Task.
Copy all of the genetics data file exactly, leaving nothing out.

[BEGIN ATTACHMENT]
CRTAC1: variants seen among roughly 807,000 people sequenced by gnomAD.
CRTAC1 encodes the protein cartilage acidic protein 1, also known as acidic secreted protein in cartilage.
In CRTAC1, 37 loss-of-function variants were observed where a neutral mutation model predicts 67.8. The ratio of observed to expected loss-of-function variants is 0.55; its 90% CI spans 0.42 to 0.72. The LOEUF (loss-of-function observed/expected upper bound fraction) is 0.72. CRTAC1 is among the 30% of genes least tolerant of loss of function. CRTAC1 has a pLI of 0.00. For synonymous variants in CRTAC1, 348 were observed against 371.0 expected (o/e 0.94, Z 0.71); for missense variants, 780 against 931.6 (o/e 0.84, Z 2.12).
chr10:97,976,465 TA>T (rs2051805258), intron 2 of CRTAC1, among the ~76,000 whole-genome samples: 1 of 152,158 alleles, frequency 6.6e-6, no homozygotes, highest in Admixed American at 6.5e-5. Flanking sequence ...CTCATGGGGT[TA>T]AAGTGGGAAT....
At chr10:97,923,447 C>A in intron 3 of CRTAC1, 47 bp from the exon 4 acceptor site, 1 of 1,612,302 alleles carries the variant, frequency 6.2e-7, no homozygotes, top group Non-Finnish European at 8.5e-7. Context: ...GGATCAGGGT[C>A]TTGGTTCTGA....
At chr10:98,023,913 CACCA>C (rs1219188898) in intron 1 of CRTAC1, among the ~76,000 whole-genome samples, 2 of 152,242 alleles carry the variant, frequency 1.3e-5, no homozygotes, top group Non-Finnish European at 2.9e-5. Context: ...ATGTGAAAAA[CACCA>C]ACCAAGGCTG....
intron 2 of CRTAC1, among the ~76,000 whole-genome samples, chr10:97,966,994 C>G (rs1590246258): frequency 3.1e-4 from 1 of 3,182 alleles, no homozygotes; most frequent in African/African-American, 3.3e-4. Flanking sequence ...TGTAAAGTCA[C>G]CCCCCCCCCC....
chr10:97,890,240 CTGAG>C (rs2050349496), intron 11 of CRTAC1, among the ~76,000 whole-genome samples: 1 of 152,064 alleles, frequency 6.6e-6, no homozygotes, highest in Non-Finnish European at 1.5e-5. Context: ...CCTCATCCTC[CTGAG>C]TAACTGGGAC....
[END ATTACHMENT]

CRTAC1: variants seen among roughly 807,000 people sequenced by gnomAD.
CRTAC1 encodes the protein cartilage acidic protein 1, also known as acidic secreted protein in cartilage.
In CRTAC1, 37 loss-of-function variants were observed where a neutral mutation model predicts 67.8. The ratio of observed to expected loss-of-function variants is 0.55; its 90% CI spans 0.42 to 0.72. The LOEUF (loss-of-function observed/expected upper bound fraction) is 0.72. CRTAC1 is among the 30% of genes least tolerant of loss of function. CRTAC1 has a pLI of 0.00. For synonymous variants in CRTAC1, 348 were observed against 371.0 expected (o/e 0.94, Z 0.71); for missense variants, 780 against 931.6 (o/e 0.84, Z 2.12).
chr10:97,976,465 TA>T (rs2051805258), intron 2 of CRTAC1, among the ~76,000 whole-genome samples: 1 of 152,158 alleles, frequency 6.6e-6, no homozygotes, highest in Admixed American at 6.5e-5. Flanking sequence ...CTCATGGGGT[TA>T]AAGTGGGAAT....
At chr10:97,923,447 C>A in intron 3 of CRTAC1, 47 bp from the exon 4 acceptor site, 1 of 1,612,302 alleles carries the variant, frequency 6.2e-7, no homozygotes, top group Non-Finnish European at 8.5e-7. Context: ...GGATCAGGGT[C>A]TTGGTTCTGA....
At chr10:98,023,913 CACCA>C (rs1219188898) in intron 1 of CRTAC1, among the ~76,000 whole-genome samples, 2 of 152,242 alleles carry the variant, frequency 1.3e-5, no homozygotes, top group Non-Finnish European at 2.9e-5. Context: ...ATGTGAAAAA[CACCA>C]ACCAAGGCTG....
intron 2 of CRTAC1, among the ~76,000 whole-genome samples, chr10:97,966,994 C>G (rs1590246258): frequency 3.1e-4 from 1 of 3,182 alleles, no homozygotes; most frequent in African/African-American, 3.3e-4. Flanking sequence ...TGTAAAGTCA[C>G]CCCCCCCCCC....
chr10:97,890,240 CTGAG>C (rs2050349496), intron 11 of CRTAC1, among the ~76,000 whole-genome samples: 1 of 152,064 alleles, frequency 6.6e-6, no homozygotes, highest in Non-Finnish European at 1.5e-5. Context: ...CCTCATCCTC[CTGAG>C]TAACTGGGAC....